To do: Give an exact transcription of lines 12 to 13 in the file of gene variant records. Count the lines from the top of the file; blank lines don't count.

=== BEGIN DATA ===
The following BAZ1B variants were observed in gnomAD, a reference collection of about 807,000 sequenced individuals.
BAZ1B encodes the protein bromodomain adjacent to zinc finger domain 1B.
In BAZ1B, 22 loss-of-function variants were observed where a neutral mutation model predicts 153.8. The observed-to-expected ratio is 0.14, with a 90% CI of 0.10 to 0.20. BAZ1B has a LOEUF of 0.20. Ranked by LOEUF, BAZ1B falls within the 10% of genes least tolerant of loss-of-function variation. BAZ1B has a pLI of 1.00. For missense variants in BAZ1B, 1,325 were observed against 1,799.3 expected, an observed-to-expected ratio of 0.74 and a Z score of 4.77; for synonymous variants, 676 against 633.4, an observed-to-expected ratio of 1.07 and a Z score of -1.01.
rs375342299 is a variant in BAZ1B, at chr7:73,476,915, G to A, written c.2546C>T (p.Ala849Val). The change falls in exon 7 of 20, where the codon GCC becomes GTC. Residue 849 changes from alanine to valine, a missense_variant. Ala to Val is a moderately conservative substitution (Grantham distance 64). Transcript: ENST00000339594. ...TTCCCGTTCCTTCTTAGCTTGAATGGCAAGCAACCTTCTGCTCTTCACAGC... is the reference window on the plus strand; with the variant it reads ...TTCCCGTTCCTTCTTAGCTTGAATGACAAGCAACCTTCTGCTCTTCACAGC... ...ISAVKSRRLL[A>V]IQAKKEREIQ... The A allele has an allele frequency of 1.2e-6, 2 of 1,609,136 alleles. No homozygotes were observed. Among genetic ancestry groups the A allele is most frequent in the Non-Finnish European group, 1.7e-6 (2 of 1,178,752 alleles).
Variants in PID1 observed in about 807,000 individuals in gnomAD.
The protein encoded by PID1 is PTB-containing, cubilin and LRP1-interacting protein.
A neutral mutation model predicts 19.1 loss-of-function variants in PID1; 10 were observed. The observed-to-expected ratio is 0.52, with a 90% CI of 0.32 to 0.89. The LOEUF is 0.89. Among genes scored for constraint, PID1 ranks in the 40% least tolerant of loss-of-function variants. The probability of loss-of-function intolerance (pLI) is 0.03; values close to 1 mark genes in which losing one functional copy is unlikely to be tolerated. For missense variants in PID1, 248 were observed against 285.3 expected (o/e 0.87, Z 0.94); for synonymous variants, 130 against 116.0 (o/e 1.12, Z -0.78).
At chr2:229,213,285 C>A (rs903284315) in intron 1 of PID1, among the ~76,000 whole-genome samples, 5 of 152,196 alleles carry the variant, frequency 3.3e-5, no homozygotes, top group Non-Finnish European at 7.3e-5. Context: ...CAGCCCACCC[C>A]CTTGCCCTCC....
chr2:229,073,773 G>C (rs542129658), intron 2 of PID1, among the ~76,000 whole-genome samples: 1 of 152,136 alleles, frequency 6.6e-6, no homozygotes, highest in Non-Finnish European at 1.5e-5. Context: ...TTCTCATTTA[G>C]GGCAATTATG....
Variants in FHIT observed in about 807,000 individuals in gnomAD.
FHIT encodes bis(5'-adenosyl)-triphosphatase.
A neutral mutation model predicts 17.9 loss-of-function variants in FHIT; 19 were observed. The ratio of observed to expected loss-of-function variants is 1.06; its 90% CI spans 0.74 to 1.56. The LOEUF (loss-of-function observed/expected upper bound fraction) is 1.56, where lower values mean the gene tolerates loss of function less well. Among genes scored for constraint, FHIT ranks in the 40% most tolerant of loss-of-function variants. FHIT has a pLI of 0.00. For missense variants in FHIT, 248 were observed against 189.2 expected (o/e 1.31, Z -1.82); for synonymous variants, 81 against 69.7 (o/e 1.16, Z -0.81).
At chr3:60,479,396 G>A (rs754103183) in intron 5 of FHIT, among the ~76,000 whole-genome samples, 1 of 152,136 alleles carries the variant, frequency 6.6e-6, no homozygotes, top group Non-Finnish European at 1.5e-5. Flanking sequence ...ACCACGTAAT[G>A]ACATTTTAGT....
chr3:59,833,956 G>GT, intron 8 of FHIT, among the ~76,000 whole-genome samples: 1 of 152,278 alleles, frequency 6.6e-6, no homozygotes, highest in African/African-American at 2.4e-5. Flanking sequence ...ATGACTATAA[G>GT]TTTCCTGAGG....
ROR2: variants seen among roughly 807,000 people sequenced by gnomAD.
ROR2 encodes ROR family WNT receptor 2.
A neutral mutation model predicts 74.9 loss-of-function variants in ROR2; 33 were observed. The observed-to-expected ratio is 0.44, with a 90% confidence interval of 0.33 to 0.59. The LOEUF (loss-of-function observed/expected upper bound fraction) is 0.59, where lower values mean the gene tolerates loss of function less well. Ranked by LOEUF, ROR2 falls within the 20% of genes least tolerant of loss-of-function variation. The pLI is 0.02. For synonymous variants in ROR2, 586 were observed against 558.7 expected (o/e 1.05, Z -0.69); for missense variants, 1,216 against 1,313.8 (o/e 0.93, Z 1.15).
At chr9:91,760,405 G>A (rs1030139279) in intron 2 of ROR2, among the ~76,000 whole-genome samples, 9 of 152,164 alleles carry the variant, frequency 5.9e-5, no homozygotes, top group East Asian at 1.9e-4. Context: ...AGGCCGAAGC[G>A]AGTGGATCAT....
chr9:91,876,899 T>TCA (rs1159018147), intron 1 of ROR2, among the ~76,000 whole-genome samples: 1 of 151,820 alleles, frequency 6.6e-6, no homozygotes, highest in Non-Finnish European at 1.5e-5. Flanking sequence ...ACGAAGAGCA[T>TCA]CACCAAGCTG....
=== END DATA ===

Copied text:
A neutral mutation model predicts 17.9 loss-of-function variants in FHIT; 19 were observed. The ratio of observed to expected loss-of-function variants is 1.06; its 90% CI spans 0.74 to 1.56. The LOEUF (loss-of-function observed/expected upper bound fraction) is 1.56, where lower values mean the gene tolerates loss of function less well. Among genes scored for constraint, FHIT ranks in the 40% most tolerant of loss-of-function variants. FHIT has a pLI of 0.00. For missense variants in FHIT, 248 were observed against 189.2 expected (o/e 1.31, Z -1.82); for synonymous variants, 81 against 69.7 (o/e 1.16, Z -0.81).
At chr3:60,479,396 G>A (rs754103183) in intron 5 of FHIT, among the ~76,000 whole-genome samples, 1 of 152,136 alleles carries the variant, frequency 6.6e-6, no homozygotes, top group Non-Finnish European at 1.5e-5. Flanking sequence ...ACCACGTAAT[G>A]ACATTTTAGT....